Whenever my family is at Church, I feel like perhaps we are a bit of a freak show. Lord have mercy, but those are my feelings. We like to sit down front, so that the kids aren't as distracted by the mayhem around them, and can see the icons and hear the prayers better. Yes, the nave is that large.
But I've always been a front row kind of gal. I was the kid in school who sat up front right under the teacher's nose, and at our old parish we had our spot, close to the front on the left hand side, right under the Theotokos' nose.
At. St. Michael's we are on the right hand side. Right smack dab in front of Jesus (well, his icon at any rate).
But for the past several weeks I've not managed to stay there the entire service. Any parent of young children knows what it's like to have to take a child out during the service.
My kids aren't young, but I often still have to take a child out during the service. Week after week after week. And so we are in the narthex, in a parish that is still largely filled with people who are strangers to me. I feel like they know who I am because I'm the lady with the special needs daughter who has to go out of Church every Sunday and sit on the bench outside by the Incarnation icon and settle her down and then go to the bathroom for tissues and a face wash. We get sympathic looks and head nods. The same anonymous parents who are taking the same toddlers for a potty trip and the same older guys out for a mid-liturgy smoke (I don't judge). Sympathetic looks from teenagers whose names I don't know and whose names my own teenagers don't know.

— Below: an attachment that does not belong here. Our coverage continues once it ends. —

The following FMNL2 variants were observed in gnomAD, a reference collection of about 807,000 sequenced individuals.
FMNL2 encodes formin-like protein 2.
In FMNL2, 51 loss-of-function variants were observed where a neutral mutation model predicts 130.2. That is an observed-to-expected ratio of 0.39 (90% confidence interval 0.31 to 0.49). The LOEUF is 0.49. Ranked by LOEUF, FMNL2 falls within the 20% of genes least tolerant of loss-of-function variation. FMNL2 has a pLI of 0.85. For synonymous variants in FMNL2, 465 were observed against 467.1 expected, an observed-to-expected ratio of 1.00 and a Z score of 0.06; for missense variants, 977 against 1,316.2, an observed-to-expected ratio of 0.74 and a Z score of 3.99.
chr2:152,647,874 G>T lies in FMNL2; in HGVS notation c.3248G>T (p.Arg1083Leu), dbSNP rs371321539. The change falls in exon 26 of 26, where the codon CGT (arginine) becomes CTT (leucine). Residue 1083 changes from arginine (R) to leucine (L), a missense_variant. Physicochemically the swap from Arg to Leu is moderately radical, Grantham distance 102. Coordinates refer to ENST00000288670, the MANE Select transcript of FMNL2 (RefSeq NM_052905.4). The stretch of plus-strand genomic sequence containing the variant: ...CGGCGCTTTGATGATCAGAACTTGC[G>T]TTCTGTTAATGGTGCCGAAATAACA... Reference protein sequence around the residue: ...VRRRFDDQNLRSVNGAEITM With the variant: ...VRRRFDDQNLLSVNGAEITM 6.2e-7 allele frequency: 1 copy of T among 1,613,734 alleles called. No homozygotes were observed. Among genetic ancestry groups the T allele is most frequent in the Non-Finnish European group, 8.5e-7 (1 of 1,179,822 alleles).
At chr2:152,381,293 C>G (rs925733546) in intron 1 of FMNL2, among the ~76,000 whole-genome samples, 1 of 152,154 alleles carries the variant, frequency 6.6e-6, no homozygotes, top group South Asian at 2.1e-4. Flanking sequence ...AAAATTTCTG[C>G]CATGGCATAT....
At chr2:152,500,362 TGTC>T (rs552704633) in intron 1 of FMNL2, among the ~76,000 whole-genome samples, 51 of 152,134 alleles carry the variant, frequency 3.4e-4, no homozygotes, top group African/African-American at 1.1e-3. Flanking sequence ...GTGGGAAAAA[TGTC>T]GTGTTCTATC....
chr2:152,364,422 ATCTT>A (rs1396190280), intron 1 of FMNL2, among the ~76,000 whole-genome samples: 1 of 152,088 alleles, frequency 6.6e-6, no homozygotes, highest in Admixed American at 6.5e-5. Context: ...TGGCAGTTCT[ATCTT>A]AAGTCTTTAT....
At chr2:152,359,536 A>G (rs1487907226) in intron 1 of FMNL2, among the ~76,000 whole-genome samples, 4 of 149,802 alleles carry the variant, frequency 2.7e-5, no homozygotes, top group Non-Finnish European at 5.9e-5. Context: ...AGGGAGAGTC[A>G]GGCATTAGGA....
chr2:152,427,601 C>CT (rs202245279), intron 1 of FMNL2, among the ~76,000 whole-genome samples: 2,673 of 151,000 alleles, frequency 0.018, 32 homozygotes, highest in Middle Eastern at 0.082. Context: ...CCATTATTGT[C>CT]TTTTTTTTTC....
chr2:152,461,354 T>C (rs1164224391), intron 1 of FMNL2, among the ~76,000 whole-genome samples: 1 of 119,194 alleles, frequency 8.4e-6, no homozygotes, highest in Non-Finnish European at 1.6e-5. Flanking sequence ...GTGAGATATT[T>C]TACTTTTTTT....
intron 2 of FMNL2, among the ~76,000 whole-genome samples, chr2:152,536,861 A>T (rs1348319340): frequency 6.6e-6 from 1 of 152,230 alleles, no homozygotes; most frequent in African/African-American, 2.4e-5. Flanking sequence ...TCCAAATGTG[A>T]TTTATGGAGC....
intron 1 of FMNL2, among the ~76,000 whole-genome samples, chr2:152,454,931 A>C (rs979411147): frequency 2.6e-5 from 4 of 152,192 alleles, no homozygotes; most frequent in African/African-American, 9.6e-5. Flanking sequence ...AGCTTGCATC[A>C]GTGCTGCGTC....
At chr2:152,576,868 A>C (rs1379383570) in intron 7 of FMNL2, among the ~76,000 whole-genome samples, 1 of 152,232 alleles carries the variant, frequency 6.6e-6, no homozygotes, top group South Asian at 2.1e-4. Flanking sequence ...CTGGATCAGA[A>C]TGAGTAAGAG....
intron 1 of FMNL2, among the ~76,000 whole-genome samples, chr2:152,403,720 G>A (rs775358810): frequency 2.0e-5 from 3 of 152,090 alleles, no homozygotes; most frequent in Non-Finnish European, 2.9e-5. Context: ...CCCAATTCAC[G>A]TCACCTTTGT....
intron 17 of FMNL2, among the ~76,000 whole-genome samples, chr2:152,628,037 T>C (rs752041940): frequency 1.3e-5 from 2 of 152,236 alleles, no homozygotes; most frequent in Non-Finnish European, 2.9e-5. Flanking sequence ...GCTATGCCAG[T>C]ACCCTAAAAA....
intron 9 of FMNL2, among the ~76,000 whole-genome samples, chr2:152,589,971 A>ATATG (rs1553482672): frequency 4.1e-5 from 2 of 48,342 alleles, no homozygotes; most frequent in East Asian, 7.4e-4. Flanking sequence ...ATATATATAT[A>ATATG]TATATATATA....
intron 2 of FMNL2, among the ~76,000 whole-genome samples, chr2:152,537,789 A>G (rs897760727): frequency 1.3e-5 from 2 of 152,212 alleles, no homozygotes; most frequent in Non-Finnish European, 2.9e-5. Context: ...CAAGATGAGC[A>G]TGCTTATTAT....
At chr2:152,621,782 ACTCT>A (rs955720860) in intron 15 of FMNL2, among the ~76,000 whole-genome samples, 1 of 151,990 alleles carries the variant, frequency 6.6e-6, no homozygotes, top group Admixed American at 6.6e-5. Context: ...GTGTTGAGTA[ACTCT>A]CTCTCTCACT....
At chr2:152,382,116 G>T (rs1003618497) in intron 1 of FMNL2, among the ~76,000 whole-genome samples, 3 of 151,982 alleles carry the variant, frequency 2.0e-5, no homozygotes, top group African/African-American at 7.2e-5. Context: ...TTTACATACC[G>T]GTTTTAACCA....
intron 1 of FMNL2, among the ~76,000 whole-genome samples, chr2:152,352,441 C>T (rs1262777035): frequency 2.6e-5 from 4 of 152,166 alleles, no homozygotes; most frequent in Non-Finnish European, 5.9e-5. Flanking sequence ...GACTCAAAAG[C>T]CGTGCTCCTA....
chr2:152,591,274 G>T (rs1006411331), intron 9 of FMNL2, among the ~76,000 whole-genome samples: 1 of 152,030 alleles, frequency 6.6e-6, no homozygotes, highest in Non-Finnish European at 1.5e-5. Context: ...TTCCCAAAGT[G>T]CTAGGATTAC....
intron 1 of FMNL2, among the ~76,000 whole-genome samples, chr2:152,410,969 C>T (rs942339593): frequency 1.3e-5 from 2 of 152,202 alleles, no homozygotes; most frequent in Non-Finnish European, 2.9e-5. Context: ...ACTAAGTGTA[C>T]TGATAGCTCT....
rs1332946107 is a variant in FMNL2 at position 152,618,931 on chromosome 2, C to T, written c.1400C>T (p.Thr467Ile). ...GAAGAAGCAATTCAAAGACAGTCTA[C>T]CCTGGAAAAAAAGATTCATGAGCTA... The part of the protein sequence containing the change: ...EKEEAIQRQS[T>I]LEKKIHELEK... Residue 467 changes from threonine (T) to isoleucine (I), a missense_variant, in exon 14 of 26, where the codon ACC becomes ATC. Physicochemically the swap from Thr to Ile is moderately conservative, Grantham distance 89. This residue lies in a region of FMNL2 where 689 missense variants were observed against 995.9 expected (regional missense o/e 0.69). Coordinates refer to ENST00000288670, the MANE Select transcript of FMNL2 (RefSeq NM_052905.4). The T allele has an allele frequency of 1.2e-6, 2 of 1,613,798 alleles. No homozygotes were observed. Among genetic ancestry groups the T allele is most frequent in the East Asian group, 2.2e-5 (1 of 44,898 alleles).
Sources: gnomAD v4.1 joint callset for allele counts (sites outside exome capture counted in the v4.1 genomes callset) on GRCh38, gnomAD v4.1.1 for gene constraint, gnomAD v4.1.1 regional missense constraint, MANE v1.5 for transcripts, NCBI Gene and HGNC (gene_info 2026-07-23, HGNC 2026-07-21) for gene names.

I feel like we are, mostly, the untouchables.
Not that it's true. I have plenty of friends at Church. I am known and I know people. Just not everyone. And that's hard.
Part of the asceticism of my situation, then, is for me not to assume that I know what is in people's hearts. In a large parish it is impossible to know everyone within the span of two years. Having special needs kids that keeps them and me out of the normal loop of normal youth group activities and Church activities makes it all the more difficult.
But just because I don't know people doesn't mean they are mean, or that they are thinking bad things about us. Perhaps (and I will assume this to be true) people I don't even know are praying for us. And perhaps I can get beyond my own little word, and learn to pray for them, too. At any rate, I am learning to assume the best of people, even when all my vulnerabilites are out there for the world to see. And that is a good lesson.